CBI Interest Rate Policy Criticized
Economy, Business And Markets

CBI Interest Rate Policy Criticized

Although one of the most important factor affecting deposit and loan interest rates is the inflation rate, authorities must consider other issues while making policy, a banking official said on Monday.
The Central Bank of Iran (CBI) should also consider public expectations and the social consequences of cutting interest rates, Abbas Kamrei, a board member of Bank Melli, said, as reported by Eghtesad News.
The Money and Credit Council and CBI are currently weighing the interest rate ceiling, which is now 22 percent for deposits and starts from 27 percent for business loans, stated the official, adding that the rates are expected to be set in line with the regulations of the banking system.
He warned that while the goal is to stabilize markets, officials need to be aware that if lowering interest rates results in a reduction in deposits, such an act will take its toll on the banking system.

 Foreign Exchange
On the issue of creating a unified foreign exchange rate system, the official noted that “such a regime needs several prerequisites. So long as the needed instruments are not provided the implementation of such systems would not be beneficial.”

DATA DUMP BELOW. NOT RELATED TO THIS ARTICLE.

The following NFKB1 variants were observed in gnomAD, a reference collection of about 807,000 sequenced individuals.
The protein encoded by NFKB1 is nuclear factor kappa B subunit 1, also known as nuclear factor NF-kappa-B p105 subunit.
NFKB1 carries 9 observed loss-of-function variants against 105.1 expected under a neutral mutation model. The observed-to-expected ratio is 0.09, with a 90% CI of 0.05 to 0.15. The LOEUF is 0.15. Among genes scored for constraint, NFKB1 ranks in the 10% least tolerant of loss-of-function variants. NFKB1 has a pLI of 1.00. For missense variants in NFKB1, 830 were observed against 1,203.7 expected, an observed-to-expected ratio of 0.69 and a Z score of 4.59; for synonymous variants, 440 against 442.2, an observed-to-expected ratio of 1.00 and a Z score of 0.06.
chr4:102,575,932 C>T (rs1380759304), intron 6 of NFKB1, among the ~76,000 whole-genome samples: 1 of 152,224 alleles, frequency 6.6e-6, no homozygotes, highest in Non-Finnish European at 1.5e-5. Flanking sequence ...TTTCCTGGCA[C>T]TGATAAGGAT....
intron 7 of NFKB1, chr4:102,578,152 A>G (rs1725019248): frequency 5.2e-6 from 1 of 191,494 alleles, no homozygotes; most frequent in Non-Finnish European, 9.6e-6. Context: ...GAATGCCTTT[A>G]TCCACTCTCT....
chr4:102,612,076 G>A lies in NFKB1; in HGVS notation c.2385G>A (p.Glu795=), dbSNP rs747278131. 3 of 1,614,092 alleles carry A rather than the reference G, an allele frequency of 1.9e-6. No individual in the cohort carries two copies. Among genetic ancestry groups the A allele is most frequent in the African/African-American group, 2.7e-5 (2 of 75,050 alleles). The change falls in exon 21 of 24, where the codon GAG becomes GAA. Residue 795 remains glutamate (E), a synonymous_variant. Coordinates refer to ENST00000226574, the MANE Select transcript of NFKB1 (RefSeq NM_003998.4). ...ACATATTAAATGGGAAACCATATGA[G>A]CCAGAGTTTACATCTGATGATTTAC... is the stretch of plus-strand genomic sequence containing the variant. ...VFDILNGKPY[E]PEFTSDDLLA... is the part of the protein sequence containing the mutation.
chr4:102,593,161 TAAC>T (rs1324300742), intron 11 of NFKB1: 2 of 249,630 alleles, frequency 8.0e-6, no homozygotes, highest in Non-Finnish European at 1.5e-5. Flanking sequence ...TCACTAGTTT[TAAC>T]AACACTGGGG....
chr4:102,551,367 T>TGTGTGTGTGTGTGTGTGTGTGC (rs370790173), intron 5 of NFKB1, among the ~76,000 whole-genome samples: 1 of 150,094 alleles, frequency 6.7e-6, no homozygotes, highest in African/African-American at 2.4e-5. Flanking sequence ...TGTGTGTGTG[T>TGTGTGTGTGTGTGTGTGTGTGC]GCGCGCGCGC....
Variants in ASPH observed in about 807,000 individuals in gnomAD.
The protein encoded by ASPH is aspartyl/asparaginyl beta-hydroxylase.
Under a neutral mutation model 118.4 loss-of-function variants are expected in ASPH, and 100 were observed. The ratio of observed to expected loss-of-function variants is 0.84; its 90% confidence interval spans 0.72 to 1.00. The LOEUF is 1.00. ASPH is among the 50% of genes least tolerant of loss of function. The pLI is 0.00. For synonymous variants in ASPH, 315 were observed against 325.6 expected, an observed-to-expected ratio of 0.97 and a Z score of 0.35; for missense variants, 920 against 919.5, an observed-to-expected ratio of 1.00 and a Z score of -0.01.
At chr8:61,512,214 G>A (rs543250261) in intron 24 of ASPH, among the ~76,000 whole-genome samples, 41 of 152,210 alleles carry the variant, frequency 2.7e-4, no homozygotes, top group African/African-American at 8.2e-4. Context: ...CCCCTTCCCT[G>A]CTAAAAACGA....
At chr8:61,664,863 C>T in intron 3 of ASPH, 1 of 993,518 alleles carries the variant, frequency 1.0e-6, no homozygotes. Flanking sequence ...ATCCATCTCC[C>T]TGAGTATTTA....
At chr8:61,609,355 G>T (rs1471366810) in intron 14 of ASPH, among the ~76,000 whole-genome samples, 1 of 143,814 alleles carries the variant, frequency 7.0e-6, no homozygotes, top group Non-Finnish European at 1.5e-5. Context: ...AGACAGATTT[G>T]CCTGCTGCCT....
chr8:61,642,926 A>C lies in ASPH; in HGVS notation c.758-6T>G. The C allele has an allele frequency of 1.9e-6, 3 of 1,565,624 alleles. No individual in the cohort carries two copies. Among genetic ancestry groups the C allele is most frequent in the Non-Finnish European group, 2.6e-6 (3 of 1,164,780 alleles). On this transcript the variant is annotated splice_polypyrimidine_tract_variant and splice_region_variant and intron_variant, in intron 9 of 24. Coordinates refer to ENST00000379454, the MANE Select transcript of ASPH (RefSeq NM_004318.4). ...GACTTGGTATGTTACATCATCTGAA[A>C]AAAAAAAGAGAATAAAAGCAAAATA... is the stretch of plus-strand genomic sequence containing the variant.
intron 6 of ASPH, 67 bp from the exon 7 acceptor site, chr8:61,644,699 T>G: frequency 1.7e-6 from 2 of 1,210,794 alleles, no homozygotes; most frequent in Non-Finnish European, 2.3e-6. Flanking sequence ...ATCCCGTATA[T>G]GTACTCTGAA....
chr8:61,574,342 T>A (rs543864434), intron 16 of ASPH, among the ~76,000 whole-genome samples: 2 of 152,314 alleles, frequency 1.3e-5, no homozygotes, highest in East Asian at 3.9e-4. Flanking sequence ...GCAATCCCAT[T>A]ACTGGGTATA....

The unified regime should operate in a way that demands and supplies remain the primary factors in setting exchange rates, he said, stressing that the CBI should only monitor the process.
“Unofficial foreign exchange traders will continue to affect the market at large and the CBI cannot deal with this issue singlehandedly,” the official noted. “It is thus necessary for the bureaux de change to assist the CBI in regulating the foreign exchange market.”
For the system to appropriately take effect a comprehensive information system of the foreign exchange market must be created and the bureux de change must align themselves with the CBI
The effects of unifying foreign exchange rates need to be closely assessed especially in the light of the fact that past efforts in this regard have failed.
Currently, there are two rates for foreign currencies in Iran; one is the official rate set by the CBI and the other is the market rate, which is relatively higher than the official rate.
Kamrei concluded that unifying foreign exchange rates will doubtlessly benefit the economy but expert assessment is needed before any measures are taken.

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